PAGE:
The Enduring Importance of Reverend Martin Luther King Jr. Day

MLK_A-321x400Only three figures in American history have a national holiday named after them: President George Washington, Christopher Columbus and Martin Luther King, Jr. The Reverend King however is the only one who is a native born United States citizen. Whenever I write about King, I am reminded of this profound fact.

To have a day named in your honor is no small achievement. But it wasn’t easy to accomplish. It took 15 years after King was assassinated in 1968 until it was finally signed as a Federal bill by President Ronald Reagan in 1983. One of the more popular initiatives to win passage for the day was created by music legend Stevie Wonder who wrote and performed a song about Reverend King’s birthday called “Happy Birthday.” It is said that the song was an elegy to King and in effect a public shaming of those resistant to approving an MLK Day, including states such as North and South Carolina, and Arizona. Other states including Illinois, Massachusetts and Connecticut passed their own bills celebrating the occasion.

No less significant in securing approval were the actions of Reverend King’s wife, Coretta Scott King who spoke before congress for passage. Also active in this process were Congressman John Conyers, a Democrat from Michigan, and Rep. Shirley Chisholm, a Democrat from New York who resubmitted the bill over the years, in each subsequent legislative session, until MLK Day passed. Today, every third Monday in January we observe the birth of Martin Luther King, Jr., which this year falls on Jan. 16.

King’s reputation here in the United States and worldwide continued to grow in significance throughout his life. Perhaps his most important worldwide achievement is being chosen as the youngest man to be awarded the Nobel Peace Prize. But for me the “I have a Dream Speech” was the most profound gift given by Reverend King himself to the American people. It was a 17-minute speech he gave on the steps of the Lincoln Memorial on Aug. 28, 1963, to more than 200,000 supporters calling for the end of racial discrimination. I was not there, but I heard it delivered by Reverend King and it made me appreciate him more than any award he ever received.

Here are two delicious Southern dishes, loved by King, that remind us all how sweet and important MLK Day is for all ethnic, racial and religious people. The holiday is especially significant for those who wish to participate in the democratic experience called the American Dream that Reverend King held to be so precious for everyone.

pecan pie

Mom’s Pecan Pie

(Adapted from Southern Living)
8 servings

1½ cups pecan pieces
3 large eggs
1 cup sugar
¾ cup light or dark corn syrup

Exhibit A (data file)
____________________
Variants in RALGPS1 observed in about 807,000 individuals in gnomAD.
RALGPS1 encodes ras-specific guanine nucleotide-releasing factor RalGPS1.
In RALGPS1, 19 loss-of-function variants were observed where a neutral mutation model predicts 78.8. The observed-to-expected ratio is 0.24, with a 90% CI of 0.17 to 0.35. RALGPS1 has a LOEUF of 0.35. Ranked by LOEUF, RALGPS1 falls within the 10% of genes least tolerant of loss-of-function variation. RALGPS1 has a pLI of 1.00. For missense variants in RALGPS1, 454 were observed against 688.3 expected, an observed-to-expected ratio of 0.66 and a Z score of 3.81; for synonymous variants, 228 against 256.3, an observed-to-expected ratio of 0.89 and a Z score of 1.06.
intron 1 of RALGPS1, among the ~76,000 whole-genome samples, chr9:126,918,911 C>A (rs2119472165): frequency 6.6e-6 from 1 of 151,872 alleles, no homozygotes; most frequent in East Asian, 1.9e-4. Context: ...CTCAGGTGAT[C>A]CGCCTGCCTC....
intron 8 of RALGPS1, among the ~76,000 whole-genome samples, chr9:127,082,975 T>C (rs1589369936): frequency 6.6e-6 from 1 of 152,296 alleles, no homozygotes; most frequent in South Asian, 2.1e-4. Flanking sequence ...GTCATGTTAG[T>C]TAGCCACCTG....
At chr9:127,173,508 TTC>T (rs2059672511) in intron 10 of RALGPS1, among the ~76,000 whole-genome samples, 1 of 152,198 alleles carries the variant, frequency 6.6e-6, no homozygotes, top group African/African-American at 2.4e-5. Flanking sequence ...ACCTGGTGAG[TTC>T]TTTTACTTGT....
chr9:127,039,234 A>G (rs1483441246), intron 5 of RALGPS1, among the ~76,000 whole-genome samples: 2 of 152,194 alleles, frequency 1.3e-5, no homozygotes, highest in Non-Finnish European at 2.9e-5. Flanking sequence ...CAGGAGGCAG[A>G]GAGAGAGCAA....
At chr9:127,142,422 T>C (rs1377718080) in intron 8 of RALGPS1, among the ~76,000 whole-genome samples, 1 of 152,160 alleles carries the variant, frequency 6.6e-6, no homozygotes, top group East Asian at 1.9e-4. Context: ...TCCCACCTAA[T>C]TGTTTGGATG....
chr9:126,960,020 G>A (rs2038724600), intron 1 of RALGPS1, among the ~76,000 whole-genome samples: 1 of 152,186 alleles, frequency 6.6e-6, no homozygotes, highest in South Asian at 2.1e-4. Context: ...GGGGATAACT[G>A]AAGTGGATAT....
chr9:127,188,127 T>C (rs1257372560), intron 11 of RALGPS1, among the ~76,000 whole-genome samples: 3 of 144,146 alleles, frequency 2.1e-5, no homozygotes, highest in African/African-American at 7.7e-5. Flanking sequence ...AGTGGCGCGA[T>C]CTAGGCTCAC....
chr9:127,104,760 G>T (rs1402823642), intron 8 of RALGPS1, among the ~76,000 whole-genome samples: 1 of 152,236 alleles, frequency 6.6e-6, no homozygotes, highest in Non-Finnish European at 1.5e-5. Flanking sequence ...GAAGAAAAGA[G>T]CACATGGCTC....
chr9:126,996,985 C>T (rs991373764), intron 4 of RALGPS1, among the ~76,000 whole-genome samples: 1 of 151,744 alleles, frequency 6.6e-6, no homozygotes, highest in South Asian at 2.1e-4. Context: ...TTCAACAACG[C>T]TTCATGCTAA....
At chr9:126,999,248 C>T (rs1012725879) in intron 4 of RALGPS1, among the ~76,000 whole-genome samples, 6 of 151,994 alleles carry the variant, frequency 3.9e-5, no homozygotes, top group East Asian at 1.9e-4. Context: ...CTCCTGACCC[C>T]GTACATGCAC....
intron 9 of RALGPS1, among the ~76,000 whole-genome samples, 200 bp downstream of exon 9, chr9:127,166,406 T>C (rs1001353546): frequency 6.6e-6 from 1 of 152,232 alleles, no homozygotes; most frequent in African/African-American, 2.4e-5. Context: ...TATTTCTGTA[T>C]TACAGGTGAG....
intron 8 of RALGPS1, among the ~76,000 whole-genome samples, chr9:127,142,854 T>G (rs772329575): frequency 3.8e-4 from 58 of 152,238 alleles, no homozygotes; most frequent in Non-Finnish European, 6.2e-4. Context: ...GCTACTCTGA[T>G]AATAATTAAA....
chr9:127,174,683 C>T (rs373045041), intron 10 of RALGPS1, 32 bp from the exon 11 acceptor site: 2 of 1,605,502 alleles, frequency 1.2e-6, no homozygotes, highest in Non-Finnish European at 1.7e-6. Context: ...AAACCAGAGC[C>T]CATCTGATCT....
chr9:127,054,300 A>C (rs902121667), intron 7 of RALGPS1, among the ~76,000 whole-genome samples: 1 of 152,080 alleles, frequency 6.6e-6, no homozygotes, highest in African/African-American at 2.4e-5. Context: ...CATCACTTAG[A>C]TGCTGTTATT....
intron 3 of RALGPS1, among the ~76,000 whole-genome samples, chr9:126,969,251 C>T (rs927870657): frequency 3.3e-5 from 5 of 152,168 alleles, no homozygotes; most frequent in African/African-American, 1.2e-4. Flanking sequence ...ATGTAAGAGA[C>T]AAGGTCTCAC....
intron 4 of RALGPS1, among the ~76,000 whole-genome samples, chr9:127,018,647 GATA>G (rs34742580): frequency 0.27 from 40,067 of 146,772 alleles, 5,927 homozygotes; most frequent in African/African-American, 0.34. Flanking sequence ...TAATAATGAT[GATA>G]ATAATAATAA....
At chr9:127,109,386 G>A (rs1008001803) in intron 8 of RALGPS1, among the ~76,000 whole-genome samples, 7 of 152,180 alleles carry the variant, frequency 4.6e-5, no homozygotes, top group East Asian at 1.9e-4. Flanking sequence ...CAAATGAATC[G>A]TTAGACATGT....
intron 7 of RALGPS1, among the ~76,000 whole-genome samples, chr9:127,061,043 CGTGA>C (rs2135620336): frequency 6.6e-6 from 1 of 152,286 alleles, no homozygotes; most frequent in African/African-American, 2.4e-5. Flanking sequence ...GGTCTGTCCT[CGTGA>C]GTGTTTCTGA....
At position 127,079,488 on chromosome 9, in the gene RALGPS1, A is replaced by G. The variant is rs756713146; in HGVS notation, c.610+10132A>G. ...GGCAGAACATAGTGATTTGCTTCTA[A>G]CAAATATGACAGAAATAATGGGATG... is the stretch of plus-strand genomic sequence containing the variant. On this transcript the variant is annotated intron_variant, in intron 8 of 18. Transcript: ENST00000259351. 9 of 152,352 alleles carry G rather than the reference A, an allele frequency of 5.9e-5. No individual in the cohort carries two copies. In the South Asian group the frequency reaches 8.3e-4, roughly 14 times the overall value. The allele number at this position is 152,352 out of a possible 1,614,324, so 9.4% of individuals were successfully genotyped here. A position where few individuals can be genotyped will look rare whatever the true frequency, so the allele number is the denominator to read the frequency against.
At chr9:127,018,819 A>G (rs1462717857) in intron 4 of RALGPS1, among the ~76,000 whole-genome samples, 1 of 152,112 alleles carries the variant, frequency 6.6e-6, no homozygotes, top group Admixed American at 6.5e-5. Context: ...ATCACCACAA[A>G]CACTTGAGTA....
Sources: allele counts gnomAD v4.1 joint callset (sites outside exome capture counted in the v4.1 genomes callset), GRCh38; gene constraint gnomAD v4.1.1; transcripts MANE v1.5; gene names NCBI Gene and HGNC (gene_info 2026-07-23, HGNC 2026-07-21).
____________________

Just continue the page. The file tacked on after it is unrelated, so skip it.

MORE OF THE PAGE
2 tbsp butter, melted
2 tsp vanilla extract
½ tsp salt
1 (9-inch) deep-dish frozen unbaked pie shell (Mrs. Smith’s Deep Dish Frozen Pie Shell suggested)

1. Spread pecans in a single layer on a baking sheet.

2. Bake at 350° for 8 to 10 minutes or until toasted.

3. In a bowl, stir together eggs and next five ingredients; stir in pecans.

4. Pour filling into pie shell.

5. Bake at 350°F for 55 minutes or until set. Shield pie with aluminum foil after 20 minutes to prevent excessive browning. Serve warm or cold.


collard greens
Collard greens

Collard Greens with Pork Fat

Makes 8 servings

2 bunches collard greens, stemmed
½ medium, sweet vidalia onions, cut into thin slices
½ lb pork fat, cut into ¼-inch slices
2 tbsp cider vinegar
1 cup low fat chicken stock

1. After collard stems are removed, cut greens crosswise into 2-inch thick strips. Gather strips; cut crosswise into 2-inch pieces. Transfer to a large bowl of cold water; swish to remove grit. Transfer greens to a colander using a slotted spoon; let drain. Repeat until greens are clean.

2. Heat a very large skillet over medium-high heat. Add onion and pork fat; cook until onions are translucent and pork is crispy (about 6-7 minutes). Add greens; cook, stirring, until greens begin to wilt and are reduced in volume.

3. Raise heat to high; add vinegar. Cook, scraping up pork bits from bottom of skillet, until vinegar has evaporated, about 1 minute.

4. Add stock; reduce heat. Simmer, covered, until greens are just tender, 10 to 15 minutes. If making ahead of time, refrigerate, cover; when ready, reheat over low heat. The longer you cook, the deeper and more delicious the flavor.

Chef Allan ZoxPlease send comments, questions and observations of interest to Chef Alan Zox at For details about past columns, catering or Chef Zox’s blog, visit